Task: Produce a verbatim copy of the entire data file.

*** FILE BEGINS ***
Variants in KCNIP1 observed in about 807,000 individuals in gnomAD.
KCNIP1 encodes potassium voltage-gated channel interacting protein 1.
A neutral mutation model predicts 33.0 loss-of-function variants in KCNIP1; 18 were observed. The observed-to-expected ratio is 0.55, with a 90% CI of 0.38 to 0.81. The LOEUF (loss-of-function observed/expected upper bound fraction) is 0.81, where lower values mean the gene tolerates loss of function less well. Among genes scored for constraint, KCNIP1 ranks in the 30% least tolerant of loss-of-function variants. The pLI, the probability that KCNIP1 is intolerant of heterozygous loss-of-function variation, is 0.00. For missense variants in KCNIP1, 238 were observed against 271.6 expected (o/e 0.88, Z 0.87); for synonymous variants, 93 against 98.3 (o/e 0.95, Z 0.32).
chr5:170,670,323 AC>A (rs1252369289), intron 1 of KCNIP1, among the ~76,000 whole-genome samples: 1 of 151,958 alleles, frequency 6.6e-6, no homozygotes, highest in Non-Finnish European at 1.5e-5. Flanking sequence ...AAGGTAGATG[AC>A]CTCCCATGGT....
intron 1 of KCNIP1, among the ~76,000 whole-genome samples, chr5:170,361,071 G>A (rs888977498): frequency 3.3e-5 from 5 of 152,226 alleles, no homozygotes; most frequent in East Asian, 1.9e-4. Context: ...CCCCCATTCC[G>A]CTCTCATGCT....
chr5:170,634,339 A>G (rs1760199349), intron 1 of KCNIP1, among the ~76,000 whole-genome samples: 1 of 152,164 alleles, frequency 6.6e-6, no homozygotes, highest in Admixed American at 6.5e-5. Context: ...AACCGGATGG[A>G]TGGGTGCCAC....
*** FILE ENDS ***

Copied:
Variants in KCNIP1 observed in about 807,000 individuals in gnomAD.
KCNIP1 encodes potassium voltage-gated channel interacting protein 1.
A neutral mutation model predicts 33.0 loss-of-function variants in KCNIP1; 18 were observed. The observed-to-expected ratio is 0.55, with a 90% CI of 0.38 to 0.81. The LOEUF (loss-of-function observed/expected upper bound fraction) is 0.81, where lower values mean the gene tolerates loss of function less well. Among genes scored for constraint, KCNIP1 ranks in the 30% least tolerant of loss-of-function variants. The pLI, the probability that KCNIP1 is intolerant of heterozygous loss-of-function variation, is 0.00. For missense variants in KCNIP1, 238 were observed against 271.6 expected (o/e 0.88, Z 0.87); for synonymous variants, 93 against 98.3 (o/e 0.95, Z 0.32).
chr5:170,670,323 AC>A (rs1252369289), intron 1 of KCNIP1, among the ~76,000 whole-genome samples: 1 of 151,958 alleles, frequency 6.6e-6, no homozygotes, highest in Non-Finnish European at 1.5e-5. Flanking sequence ...AAGGTAGATG[AC>A]CTCCCATGGT....
intron 1 of KCNIP1, among the ~76,000 whole-genome samples, chr5:170,361,071 G>A (rs888977498): frequency 3.3e-5 from 5 of 152,226 alleles, no homozygotes; most frequent in East Asian, 1.9e-4. Context: ...CCCCCATTCC[G>A]CTCTCATGCT....
chr5:170,634,339 A>G (rs1760199349), intron 1 of KCNIP1, among the ~76,000 whole-genome samples: 1 of 152,164 alleles, frequency 6.6e-6, no homozygotes, highest in Admixed American at 6.5e-5. Context: ...AACCGGATGG[A>G]TGGGTGCCAC....